From lab to deployment: How cutting-edge research labs are stimulating innovation

Visits to innovation and interoperability labs located in universities that have cutting-edge research on 5G, wireless technologies, and Open RAN were part of the recent US Study tour that was organized by stakeholders of the Asia Open RAN Academy. This particular leg of the study tour was especially significant to the initiative to establish the AORA Interoperability Lab in the Philippines, which is expected to have a network of labs that will be located in universities, telecom research labs, and government research institutions.

UP Electrical and Electronics Engineering (UP-EEEI) Assistant Professor and AORA Board Member Dr. Jaybie De Guzman, who was part of the study tour, shares that universities serve as a neutral avenue for collaboration among academics, industry, and government. Moreover, universities are more inclined to explore and investigate novel approaches, which are not the focus of industry-focused research, but are complementary to each other. He says, “hence, having an interoperability laboratory in our local universities allows us to create that local neutral avenue for collaboration, research, and instruction which leads to local innovation but with a global impact.”

Dr. De Guzman, first standing from left, with fellow AORA delegates and members from IDG.

The university’s ongoing projects demonstrate its commitment to advancing telecommunications infrastructure and training the next generation of engineers and designers.

1. What is the role of universities in the Open RAN ecosystem? Why is an interoperability lab in a university important to have? What research activities are expected to be done in these labs?

For the case of UP, we will be leveraging the open RAN interoperability laboratory that will be hosted at UP EEEI to enhance EEEI’s instruction and research activities in telecommunications, wireless networks, and software engineering. Specifically, we are looking into conducting research projects addressing the following: (1) sustainable and affordable mobile connectivity, (2) locally contextualized wireless channel modeling for cellular network coverage analysis, planning and optimization, and (3) connectivity solutions using open and software-defined technologies.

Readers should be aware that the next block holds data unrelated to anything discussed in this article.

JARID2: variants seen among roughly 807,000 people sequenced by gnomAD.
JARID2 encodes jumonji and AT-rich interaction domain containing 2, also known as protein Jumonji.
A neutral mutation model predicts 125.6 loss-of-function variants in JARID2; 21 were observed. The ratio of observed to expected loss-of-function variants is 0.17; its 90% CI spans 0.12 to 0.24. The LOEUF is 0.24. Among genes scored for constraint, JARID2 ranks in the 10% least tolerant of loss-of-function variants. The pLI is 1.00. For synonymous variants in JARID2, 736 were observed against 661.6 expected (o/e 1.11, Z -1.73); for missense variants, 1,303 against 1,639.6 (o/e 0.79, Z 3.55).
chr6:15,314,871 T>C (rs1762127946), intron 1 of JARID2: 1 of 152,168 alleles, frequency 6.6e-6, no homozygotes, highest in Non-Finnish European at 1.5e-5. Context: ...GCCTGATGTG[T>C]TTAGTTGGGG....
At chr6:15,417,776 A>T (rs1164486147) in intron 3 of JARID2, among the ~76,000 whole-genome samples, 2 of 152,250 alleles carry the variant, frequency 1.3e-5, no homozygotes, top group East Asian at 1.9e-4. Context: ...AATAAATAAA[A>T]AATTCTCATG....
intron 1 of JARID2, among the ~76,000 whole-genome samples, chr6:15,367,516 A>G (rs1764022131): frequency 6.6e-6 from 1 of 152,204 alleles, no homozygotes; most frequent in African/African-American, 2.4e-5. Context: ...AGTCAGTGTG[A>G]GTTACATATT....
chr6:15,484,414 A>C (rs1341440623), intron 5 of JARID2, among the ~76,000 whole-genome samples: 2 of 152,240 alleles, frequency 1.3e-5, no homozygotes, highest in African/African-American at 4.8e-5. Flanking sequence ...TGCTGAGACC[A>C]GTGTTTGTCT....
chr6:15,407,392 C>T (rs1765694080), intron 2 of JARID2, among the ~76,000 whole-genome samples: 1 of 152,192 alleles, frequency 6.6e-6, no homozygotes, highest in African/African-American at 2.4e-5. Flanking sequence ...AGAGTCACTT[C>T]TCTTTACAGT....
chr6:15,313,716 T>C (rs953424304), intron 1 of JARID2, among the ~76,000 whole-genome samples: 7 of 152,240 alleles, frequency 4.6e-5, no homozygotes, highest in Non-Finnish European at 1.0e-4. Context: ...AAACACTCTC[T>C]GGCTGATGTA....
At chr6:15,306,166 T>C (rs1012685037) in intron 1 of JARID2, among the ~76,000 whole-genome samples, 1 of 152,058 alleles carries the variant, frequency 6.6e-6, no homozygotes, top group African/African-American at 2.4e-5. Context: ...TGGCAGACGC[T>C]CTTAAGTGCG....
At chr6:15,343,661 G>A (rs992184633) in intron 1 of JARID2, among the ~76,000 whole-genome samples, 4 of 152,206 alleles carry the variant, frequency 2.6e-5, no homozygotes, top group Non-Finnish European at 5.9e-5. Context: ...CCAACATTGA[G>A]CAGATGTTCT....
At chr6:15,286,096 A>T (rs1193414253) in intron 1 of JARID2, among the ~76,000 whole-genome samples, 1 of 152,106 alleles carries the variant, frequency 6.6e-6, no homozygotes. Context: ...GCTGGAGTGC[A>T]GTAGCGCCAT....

2. What important learning did you get from visiting the US universities? How can we apply it in the Philippine context?

The key factor that enables US universities to be an avenue for collaboration, and research is the innovation ecosystem that is supported by the industry and government. Of course, the tech industry has had a great impact in sustaining this innovation ecosystem, e.g. the Silicon Valley, the NC Research Triangle, and the NTIA supported ACCoRD consortium.

To emulate that ecosystem, in my opinion, it is paramount that we focus on delivering a high value workforce, i.e., postgraduate- and research-trained experts. These research-trained graduates will not only contribute to the academic workforce but also to the industry and allow them to create high value output; hence, spurring that innovation ecosystem. Once a critical mass of research-trained graduates is reached, the innovation ecosystem can now be sustained locally.

This press release is made possible by the support of the American People through the United States Agency for International Development (USAID). The contents are the sole responsibility of the authors and do not necessarily reflect the views of USAID or the United States Government